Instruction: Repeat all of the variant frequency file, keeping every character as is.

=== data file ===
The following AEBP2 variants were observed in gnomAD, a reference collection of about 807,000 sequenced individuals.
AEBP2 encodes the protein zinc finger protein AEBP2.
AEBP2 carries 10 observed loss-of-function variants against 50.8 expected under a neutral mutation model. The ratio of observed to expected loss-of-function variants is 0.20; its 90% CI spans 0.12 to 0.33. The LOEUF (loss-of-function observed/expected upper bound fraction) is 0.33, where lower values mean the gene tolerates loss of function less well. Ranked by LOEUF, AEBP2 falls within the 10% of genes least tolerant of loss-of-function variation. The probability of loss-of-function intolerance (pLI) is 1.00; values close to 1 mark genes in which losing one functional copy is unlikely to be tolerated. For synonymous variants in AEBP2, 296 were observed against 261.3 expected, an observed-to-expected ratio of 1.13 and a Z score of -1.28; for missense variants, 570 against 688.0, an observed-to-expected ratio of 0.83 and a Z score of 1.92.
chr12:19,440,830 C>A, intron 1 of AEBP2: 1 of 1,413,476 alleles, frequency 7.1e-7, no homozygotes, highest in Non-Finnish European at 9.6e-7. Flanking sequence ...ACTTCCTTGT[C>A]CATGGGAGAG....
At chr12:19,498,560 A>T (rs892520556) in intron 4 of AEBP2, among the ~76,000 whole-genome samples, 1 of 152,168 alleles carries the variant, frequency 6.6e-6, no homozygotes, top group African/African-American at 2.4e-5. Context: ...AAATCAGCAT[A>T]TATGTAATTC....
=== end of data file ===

The following AEBP2 variants were observed in gnomAD, a reference collection of about 807,000 sequenced individuals.
AEBP2 encodes the protein zinc finger protein AEBP2.
AEBP2 carries 10 observed loss-of-function variants against 50.8 expected under a neutral mutation model. The ratio of observed to expected loss-of-function variants is 0.20; its 90% CI spans 0.12 to 0.33. The LOEUF (loss-of-function observed/expected upper bound fraction) is 0.33, where lower values mean the gene tolerates loss of function less well. Ranked by LOEUF, AEBP2 falls within the 10% of genes least tolerant of loss-of-function variation. The probability of loss-of-function intolerance (pLI) is 1.00; values close to 1 mark genes in which losing one functional copy is unlikely to be tolerated. For synonymous variants in AEBP2, 296 were observed against 261.3 expected, an observed-to-expected ratio of 1.13 and a Z score of -1.28; for missense variants, 570 against 688.0, an observed-to-expected ratio of 0.83 and a Z score of 1.92.
chr12:19,440,830 C>A, intron 1 of AEBP2: 1 of 1,413,476 alleles, frequency 7.1e-7, no homozygotes, highest in Non-Finnish European at 9.6e-7. Flanking sequence ...ACTTCCTTGT[C>A]CATGGGAGAG....
At chr12:19,498,560 A>T (rs892520556) in intron 4 of AEBP2, among the ~76,000 whole-genome samples, 1 of 152,168 alleles carries the variant, frequency 6.6e-6, no homozygotes, top group African/African-American at 2.4e-5. Context: ...AAATCAGCAT[A>T]TATGTAATTC....